Posted by mike in Sports at 1:50 pm on February 5, 2007

So Super Bowl XLI came and went, and was probably one of the worst NFL championship games ever played. On a rain-soaked Miami night, the Bears and Colts bumbled their way back and forth for 60 minutes until the team that sucked less was crowned champion. Bears fans were universally excited about the weather forecast– theirs is a team that thrives on playing in the harsh climates of Chicago, whereas their opponent was one that plays in a dome and has traditionally stunk it up when playing in bad weather. Unfortunately, tradition was to be damned, and it was the Bears who treated the football like a hot potato for most of the game.

But you can read the various recaps on your own. Here we will now return to my pre-game predictions and see how they played out. The following list will consist of the oft-repeated claims made by the media in the weeks prior to the game that I deemed to be preposterous, followed by my statement on their veracity, then my corresponding prediction for the game, with a brief analysis. We’ll keep score along the way and see who knows more about football in general: me or the media.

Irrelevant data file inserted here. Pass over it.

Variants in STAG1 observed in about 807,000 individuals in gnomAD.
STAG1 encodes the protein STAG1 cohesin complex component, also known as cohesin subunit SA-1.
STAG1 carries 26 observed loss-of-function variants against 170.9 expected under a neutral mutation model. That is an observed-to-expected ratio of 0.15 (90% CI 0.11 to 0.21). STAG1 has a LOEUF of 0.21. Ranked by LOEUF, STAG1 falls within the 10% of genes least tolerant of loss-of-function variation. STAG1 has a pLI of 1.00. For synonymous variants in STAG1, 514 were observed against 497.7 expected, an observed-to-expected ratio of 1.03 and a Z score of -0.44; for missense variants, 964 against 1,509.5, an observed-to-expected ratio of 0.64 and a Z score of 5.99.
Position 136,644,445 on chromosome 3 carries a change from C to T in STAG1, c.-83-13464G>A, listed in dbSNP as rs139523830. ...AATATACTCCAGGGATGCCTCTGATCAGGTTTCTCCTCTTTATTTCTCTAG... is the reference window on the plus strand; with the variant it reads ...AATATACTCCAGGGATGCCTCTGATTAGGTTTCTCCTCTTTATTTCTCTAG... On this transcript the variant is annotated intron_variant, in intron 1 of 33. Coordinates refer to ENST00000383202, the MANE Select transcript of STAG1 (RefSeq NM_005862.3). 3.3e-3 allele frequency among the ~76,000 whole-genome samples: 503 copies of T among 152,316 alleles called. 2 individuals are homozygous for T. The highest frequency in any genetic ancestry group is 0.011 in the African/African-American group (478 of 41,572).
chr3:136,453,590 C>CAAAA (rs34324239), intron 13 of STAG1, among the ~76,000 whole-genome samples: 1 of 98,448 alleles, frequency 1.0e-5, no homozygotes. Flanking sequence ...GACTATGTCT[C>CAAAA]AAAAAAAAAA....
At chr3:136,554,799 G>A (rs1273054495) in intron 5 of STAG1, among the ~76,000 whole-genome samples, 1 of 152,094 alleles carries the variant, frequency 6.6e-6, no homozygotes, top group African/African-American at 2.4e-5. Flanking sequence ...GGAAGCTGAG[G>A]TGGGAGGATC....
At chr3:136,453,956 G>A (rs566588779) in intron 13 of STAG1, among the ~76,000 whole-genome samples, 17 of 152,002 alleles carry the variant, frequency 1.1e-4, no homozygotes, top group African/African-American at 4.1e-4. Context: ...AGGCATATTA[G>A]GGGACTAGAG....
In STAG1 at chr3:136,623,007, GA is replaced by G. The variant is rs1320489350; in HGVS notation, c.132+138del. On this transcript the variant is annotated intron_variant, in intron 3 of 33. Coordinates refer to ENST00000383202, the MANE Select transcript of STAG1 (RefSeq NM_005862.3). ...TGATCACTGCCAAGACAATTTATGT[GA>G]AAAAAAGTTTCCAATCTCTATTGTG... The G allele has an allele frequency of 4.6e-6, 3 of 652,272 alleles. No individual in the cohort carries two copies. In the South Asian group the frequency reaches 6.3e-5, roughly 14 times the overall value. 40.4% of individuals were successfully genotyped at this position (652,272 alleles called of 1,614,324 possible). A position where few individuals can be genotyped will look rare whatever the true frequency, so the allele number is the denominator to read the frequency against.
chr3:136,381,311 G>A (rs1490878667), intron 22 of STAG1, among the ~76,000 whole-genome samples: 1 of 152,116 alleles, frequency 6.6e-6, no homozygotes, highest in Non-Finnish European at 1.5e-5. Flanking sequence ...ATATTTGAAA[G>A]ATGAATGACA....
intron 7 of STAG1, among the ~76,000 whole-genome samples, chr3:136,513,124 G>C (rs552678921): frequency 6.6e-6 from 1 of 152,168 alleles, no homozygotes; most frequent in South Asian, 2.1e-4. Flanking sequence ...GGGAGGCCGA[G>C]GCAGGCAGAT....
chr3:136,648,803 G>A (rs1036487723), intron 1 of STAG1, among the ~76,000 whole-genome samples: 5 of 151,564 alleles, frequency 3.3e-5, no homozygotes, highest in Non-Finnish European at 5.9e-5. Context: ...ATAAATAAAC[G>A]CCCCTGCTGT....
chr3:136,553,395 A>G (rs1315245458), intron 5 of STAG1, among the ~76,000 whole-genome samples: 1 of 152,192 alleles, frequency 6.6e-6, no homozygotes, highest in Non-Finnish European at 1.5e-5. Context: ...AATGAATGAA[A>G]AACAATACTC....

• Preposterous claim: The Colts have too many weapons on offense.
    This one was indeed not a true indicator of the Colts’ performance on Sunday. Peyton Manning was mediocre at best, and the vaunted receiving corps of the Colts was largely held in check. It turns out that the only weapon the Colts’ offense needed was the one that was probably least suspected of being their key to success: their running game. Media: 0
  • My prediction: The Colts will not score more than 25 points.
    This almost held true. The Colts’ offense did not, in fact, score more than 25 points (they scored 22). Their team put up 29 total, however, thanks to a Calvin Hayden pick-6 in the fourth quarter that served as the nail in the Bears’ coffin. I get half a point for this. Me: 0.5
  • Preposterous claim: Peyton Manning will shut up the people who say he can’t win the big game.